Herbs

Which is Preferable Dried or Fresh Herbs for Tinctures?

Which is Preferable Dried or Fresh Herbs for Tinctures?

When it comes to making tinctures, both dried and fresh herbs have their own advantages and considerations. Here are some points to consider when deciding whether to use dried or fresh herbs for tincture production:

  1. Stability and Shelf Life: Dried herbs tend to make more stable extracts because the drying process removes excess moisture and deactivates enzymes in the plant. Moisture and enzymes can affect the shelf life of the raw herbs. Therefore, if you are concerned about the longevity of your tincture, using dried herbs may be preferable.
  2. Alcohol Strength: Controlling the alcohol strength in the final tincture is easier when using dried herbs. Tinctures made from fresh herbs are generally weaker in terms of dissolved phytochemicals. This is because the water content in fresh herbs affects the dissolving capacity of alcohol during the extraction process. Alcohol has better chances of penetrating cell walls and extracting phytochemicals efficiently when dried herbs are used.
  3. Herb to Solvent Ratio: Preparing fluid extracts with a 1:1 herb to solvent ratio can be challenging with fresh herbs that have high water content. Higher amounts of alcohol are required to compensate for the moisture, making it difficult to adhere to the desired ratio. However, for tinctures with lower herb to solvent ratios, it is still possible to compensate for the inherent moisture with extra alcohol.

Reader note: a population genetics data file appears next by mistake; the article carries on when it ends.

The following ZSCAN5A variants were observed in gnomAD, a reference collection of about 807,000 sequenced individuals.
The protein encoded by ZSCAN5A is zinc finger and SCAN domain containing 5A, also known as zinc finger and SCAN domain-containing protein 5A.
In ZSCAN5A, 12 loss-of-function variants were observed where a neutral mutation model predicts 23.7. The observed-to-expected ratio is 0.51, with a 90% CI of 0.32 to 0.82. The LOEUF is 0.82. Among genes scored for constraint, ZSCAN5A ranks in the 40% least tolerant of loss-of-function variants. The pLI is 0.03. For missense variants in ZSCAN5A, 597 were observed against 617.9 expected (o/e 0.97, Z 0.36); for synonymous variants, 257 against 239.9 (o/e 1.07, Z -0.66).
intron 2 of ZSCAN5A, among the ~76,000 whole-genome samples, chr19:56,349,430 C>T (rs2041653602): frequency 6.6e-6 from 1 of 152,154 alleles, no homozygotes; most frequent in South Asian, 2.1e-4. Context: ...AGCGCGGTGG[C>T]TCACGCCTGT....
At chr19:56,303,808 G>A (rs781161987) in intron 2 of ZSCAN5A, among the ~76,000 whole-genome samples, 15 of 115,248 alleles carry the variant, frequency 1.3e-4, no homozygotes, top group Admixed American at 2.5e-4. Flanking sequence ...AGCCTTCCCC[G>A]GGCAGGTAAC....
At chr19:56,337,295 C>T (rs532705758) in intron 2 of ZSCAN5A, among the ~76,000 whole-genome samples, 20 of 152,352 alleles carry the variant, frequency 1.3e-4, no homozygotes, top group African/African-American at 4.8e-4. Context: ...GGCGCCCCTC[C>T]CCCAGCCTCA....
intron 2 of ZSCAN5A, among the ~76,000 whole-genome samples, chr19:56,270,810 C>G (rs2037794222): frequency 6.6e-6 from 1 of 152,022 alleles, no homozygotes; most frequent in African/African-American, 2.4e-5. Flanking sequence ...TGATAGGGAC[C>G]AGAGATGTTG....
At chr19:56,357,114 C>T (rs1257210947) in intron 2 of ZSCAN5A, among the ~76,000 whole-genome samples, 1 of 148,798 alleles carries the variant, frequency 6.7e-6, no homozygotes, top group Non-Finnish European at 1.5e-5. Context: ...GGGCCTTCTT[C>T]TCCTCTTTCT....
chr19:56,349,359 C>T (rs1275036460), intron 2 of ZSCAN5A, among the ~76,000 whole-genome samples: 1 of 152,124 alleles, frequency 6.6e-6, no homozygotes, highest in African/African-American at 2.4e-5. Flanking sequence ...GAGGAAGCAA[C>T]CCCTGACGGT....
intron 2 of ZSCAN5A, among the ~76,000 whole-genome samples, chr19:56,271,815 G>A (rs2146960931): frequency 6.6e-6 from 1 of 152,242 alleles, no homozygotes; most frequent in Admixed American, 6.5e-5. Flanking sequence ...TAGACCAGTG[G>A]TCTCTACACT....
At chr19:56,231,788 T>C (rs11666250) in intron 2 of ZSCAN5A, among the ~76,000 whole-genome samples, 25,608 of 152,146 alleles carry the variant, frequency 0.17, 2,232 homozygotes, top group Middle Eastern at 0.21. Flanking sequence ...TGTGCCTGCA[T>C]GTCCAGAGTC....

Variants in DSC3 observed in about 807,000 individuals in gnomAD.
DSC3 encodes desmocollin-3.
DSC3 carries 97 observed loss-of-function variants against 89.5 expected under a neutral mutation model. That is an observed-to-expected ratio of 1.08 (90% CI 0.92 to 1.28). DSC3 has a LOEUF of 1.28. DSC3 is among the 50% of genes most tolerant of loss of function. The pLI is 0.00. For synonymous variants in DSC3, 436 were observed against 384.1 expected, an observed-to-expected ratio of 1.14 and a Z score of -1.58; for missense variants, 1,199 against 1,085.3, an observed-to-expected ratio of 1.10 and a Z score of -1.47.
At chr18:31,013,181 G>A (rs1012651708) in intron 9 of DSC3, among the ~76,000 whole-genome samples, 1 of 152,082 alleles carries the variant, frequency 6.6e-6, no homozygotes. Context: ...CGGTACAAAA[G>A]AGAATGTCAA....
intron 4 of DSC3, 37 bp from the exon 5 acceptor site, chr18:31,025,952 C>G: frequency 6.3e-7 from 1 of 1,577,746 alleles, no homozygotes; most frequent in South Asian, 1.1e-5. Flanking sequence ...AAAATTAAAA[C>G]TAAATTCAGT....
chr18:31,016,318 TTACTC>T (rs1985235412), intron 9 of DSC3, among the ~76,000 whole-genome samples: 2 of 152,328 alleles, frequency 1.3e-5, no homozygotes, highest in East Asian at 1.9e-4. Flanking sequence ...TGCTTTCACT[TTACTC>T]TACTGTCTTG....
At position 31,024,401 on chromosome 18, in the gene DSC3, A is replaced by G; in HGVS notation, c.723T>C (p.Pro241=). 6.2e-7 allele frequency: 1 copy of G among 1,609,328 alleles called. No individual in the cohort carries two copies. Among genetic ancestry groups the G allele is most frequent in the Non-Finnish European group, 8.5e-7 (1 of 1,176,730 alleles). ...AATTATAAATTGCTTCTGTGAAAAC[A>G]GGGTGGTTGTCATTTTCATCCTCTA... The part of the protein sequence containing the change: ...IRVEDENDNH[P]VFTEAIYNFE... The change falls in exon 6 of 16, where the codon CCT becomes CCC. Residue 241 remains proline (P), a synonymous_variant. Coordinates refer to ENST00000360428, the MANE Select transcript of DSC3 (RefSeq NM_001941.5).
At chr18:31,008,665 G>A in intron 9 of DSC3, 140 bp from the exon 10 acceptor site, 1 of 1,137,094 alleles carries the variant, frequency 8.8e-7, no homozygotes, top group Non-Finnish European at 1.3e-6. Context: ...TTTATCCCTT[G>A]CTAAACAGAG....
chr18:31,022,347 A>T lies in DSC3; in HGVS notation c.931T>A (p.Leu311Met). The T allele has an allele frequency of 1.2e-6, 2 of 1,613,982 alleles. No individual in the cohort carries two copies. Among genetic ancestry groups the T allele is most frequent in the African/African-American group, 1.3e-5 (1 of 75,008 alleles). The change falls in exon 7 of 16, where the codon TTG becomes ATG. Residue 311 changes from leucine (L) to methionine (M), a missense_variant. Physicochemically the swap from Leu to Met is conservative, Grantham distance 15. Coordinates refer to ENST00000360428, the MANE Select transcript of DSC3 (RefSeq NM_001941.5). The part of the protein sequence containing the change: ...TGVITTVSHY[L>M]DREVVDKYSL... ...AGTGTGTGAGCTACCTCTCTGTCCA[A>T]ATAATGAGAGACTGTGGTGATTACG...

4. Infused Oils: Dried herbs are generally better for making infused oils. The presence of moisture in fresh herbs can make the infusion process inefficient and affect the shelf life of the finished product. Even small traces of moisture in infused oils can negatively impact product stability.
  5. Storage and Flexibility: Dried herbs can be stored for longer periods with minimum impact on shelf life. This provides flexibility in transportation, storage, and production throughout the year. Fresh herbs, on the other hand, may be more readily available and suitable for immediate use.

It’s important to note that the drying process can have some downsides, especially for herbs containing essential oils and thermolabile phytochemicals. Essential oil levels may be reduced during drying, and thermolabile chemicals can degrade due to the heat applied in the drying process. In such cases, sun-drying fresh herbs before using them for tincture production can be a good solution.

Fresh herb tinctures are suitable in situations where the herb grows year-round, requires relatively low alcohol strength (around 25% alcohol) for extraction, has a low herb to solvent ratio in the final product, and has relatively low inherent moisture content.

Ultimately, the choice between using dried or fresh herbs for tinctures depends on the specific herb, its characteristics, and the desired qualities of the final tincture. It’s always beneficial to research and understand the properties of the herb you’re working with to make an informed decision.

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